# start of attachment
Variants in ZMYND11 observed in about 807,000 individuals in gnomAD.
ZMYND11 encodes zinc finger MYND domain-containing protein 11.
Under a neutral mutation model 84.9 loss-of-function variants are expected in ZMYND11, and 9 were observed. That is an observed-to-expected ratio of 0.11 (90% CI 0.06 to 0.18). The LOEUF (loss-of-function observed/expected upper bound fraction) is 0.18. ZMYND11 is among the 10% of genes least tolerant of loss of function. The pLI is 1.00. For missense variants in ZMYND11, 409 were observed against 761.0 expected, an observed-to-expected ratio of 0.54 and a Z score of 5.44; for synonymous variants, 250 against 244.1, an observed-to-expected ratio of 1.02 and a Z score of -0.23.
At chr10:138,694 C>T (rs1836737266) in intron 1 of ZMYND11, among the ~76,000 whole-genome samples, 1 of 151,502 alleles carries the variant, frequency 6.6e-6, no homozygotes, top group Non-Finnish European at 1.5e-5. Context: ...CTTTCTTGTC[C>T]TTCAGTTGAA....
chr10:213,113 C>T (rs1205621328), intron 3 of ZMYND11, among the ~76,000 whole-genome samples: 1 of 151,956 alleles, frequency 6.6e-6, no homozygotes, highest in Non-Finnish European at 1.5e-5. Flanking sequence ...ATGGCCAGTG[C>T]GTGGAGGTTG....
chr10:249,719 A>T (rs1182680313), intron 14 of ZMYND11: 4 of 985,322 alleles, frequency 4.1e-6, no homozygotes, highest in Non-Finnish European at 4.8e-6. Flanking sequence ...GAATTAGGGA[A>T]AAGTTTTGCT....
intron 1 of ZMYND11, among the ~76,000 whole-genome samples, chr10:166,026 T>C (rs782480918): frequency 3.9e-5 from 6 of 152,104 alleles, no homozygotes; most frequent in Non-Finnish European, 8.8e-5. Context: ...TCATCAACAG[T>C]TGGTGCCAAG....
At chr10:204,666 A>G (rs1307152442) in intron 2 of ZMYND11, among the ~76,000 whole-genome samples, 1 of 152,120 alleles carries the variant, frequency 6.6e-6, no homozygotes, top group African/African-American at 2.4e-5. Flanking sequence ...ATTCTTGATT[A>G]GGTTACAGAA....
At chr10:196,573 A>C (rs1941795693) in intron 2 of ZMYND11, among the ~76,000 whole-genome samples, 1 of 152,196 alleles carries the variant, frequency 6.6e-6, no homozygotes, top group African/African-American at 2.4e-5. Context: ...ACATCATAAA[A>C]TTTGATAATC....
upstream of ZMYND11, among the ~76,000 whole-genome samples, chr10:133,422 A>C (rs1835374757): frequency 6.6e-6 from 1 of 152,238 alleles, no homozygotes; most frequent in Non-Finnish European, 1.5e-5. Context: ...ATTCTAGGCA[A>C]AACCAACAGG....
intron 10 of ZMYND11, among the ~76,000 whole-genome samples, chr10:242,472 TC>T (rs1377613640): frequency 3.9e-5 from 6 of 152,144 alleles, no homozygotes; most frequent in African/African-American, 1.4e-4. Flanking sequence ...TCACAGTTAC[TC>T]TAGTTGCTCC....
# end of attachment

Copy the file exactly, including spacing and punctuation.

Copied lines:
Variants in ZMYND11 observed in about 807,000 individuals in gnomAD.
ZMYND11 encodes zinc finger MYND domain-containing protein 11.
Under a neutral mutation model 84.9 loss-of-function variants are expected in ZMYND11, and 9 were observed. That is an observed-to-expected ratio of 0.11 (90% CI 0.06 to 0.18). The LOEUF (loss-of-function observed/expected upper bound fraction) is 0.18. ZMYND11 is among the 10% of genes least tolerant of loss of function. The pLI is 1.00. For missense variants in ZMYND11, 409 were observed against 761.0 expected, an observed-to-expected ratio of 0.54 and a Z score of 5.44; for synonymous variants, 250 against 244.1, an observed-to-expected ratio of 1.02 and a Z score of -0.23.
At chr10:138,694 C>T (rs1836737266) in intron 1 of ZMYND11, among the ~76,000 whole-genome samples, 1 of 151,502 alleles carries the variant, frequency 6.6e-6, no homozygotes, top group Non-Finnish European at 1.5e-5. Context: ...CTTTCTTGTC[C>T]TTCAGTTGAA....
chr10:213,113 C>T (rs1205621328), intron 3 of ZMYND11, among the ~76,000 whole-genome samples: 1 of 151,956 alleles, frequency 6.6e-6, no homozygotes, highest in Non-Finnish European at 1.5e-5. Flanking sequence ...ATGGCCAGTG[C>T]GTGGAGGTTG....
chr10:249,719 A>T (rs1182680313), intron 14 of ZMYND11: 4 of 985,322 alleles, frequency 4.1e-6, no homozygotes, highest in Non-Finnish European at 4.8e-6. Flanking sequence ...GAATTAGGGA[A>T]AAGTTTTGCT....
intron 1 of ZMYND11, among the ~76,000 whole-genome samples, chr10:166,026 T>C (rs782480918): frequency 3.9e-5 from 6 of 152,104 alleles, no homozygotes; most frequent in Non-Finnish European, 8.8e-5. Context: ...TCATCAACAG[T>C]TGGTGCCAAG....
At chr10:204,666 A>G (rs1307152442) in intron 2 of ZMYND11, among the ~76,000 whole-genome samples, 1 of 152,120 alleles carries the variant, frequency 6.6e-6, no homozygotes, top group African/African-American at 2.4e-5. Flanking sequence ...ATTCTTGATT[A>G]GGTTACAGAA....
At chr10:196,573 A>C (rs1941795693) in intron 2 of ZMYND11, among the ~76,000 whole-genome samples, 1 of 152,196 alleles carries the variant, frequency 6.6e-6, no homozygotes, top group African/African-American at 2.4e-5. Context: ...ACATCATAAA[A>C]TTTGATAATC....
upstream of ZMYND11, among the ~76,000 whole-genome samples, chr10:133,422 A>C (rs1835374757): frequency 6.6e-6 from 1 of 152,238 alleles, no homozygotes; most frequent in Non-Finnish European, 1.5e-5. Context: ...ATTCTAGGCA[A>C]AACCAACAGG....
intron 10 of ZMYND11, among the ~76,000 whole-genome samples, chr10:242,472 TC>T (rs1377613640): frequency 3.9e-5 from 6 of 152,144 alleles, no homozygotes; most frequent in African/African-American, 1.4e-4. Flanking sequence ...TCACAGTTAC[TC>T]TAGTTGCTCC....